# Perpendicular inelastic collision problem

• NODARman

#### NODARman

Homework Statement
Where did "v" go?
Relevant Equations
.
I still don't get it where did "v" go.
I'm trying to solve the problem that is on the second image. Second image. • Delta2
Yes well your book doesn't show all the in between steps on how exactly it derives that result. It just states "Sparing the reader the algebra".

What is done in the in between steps (which you should try to work out by yourself, I ll just outline the steps) is that the system of equations 4.5.18 (two equations with two unknowns, the common velocity and the angle) is solved and then once you solve it and find ##v## (##v## will be a function of ##m_1,m_2, v_1,v_2##) then ##v## it is replaced in equation 4.5.19 and then after some algebra you end up with equation 4.5.20.

• NODARman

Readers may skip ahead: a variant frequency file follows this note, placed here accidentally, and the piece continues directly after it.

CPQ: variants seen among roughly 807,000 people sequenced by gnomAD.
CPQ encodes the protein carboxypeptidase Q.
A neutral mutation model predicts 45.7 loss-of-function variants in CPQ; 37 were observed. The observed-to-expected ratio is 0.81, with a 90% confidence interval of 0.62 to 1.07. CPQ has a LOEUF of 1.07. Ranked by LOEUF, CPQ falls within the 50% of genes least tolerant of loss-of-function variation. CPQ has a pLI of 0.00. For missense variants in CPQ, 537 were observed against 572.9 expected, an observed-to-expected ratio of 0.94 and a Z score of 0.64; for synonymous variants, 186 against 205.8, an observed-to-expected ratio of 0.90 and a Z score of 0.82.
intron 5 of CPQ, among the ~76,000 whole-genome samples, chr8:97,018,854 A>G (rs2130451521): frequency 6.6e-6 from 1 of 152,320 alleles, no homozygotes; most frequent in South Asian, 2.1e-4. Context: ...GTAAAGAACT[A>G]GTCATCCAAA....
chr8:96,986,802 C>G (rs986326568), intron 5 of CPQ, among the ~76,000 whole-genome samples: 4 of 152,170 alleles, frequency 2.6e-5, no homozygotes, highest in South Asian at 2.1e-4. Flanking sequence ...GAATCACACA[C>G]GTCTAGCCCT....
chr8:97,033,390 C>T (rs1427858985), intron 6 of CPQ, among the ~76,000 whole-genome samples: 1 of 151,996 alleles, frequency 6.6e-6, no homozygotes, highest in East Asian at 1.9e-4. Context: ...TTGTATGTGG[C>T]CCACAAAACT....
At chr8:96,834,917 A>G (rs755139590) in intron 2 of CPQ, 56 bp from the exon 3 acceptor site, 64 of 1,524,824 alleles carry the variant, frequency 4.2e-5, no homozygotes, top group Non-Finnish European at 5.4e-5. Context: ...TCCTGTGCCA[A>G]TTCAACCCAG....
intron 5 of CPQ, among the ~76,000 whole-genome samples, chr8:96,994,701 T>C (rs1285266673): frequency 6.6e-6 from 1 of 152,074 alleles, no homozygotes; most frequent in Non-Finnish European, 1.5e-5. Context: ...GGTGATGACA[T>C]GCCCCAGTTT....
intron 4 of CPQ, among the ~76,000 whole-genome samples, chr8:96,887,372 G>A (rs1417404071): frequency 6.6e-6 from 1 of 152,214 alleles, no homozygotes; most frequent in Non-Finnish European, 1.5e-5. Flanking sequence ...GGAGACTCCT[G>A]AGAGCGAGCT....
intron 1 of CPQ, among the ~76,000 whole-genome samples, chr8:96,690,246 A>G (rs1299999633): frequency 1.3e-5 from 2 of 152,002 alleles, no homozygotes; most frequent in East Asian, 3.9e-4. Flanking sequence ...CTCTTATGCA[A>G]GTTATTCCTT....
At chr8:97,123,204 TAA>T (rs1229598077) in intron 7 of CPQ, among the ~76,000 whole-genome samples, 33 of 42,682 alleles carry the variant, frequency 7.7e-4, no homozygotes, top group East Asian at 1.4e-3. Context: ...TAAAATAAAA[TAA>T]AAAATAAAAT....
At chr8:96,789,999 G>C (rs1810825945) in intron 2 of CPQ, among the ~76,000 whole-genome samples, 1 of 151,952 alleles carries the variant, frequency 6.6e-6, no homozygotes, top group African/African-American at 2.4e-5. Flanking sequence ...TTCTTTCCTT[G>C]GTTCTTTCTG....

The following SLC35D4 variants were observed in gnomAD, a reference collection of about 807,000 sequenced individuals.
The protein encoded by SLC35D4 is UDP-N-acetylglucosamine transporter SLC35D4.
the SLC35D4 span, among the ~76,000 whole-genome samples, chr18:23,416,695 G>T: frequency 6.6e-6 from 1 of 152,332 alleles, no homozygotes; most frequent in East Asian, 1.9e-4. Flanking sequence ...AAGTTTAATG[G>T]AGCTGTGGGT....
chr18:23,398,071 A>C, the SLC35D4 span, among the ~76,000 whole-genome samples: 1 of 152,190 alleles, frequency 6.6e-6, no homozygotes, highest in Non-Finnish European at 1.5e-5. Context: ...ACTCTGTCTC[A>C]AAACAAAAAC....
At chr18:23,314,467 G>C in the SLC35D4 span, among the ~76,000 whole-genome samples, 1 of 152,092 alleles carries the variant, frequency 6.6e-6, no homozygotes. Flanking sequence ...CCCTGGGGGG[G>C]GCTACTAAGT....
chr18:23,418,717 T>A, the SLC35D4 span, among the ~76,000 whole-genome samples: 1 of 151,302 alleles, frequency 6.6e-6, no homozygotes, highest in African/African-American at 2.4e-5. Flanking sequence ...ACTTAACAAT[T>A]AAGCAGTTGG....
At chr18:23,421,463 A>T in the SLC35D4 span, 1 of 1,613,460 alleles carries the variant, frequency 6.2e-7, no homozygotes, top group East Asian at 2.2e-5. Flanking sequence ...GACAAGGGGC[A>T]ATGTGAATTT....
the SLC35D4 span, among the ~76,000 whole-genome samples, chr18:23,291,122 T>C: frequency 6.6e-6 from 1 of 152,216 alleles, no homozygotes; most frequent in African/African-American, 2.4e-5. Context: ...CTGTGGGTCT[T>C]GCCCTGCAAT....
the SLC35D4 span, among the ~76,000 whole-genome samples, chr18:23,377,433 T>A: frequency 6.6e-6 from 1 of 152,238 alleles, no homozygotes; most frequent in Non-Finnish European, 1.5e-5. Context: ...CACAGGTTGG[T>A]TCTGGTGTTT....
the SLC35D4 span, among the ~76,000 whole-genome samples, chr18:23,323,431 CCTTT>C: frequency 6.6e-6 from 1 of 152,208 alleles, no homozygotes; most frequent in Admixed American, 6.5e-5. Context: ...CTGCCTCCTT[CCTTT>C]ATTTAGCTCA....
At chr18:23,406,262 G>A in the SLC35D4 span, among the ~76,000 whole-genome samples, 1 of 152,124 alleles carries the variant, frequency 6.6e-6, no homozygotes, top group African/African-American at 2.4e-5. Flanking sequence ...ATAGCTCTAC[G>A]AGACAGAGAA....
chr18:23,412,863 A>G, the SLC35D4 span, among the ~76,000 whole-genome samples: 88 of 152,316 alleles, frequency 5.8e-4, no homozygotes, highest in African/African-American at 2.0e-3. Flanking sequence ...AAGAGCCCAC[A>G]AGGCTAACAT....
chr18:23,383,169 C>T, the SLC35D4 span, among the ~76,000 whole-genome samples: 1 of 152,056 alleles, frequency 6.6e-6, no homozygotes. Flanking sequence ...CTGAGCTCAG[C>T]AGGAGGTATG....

Homework Statement:: Where did "v" go?
Relevant Equations:: .

I still don't get it where did "v" go.
I'm trying to solve the problem that is on the second image.
View attachment 304812

Second image.
View attachment 304813
There's a general result (which can be derived) for energy loss in a 1 dimensional inelastic (collide and coalesce) collision: $$\Delta E= \frac{1}{2} \mu \Delta v^2$$ where ##\mu## is the reduced mass of the colliding objects and ##\Delta v## their relative velocity: $$\mu = \frac{m_1m_2}{m_1+m_2}$$It looks like there's nothing different here except that ##\Delta v## is replaced by the vector difference of the two velocities.

• NODARman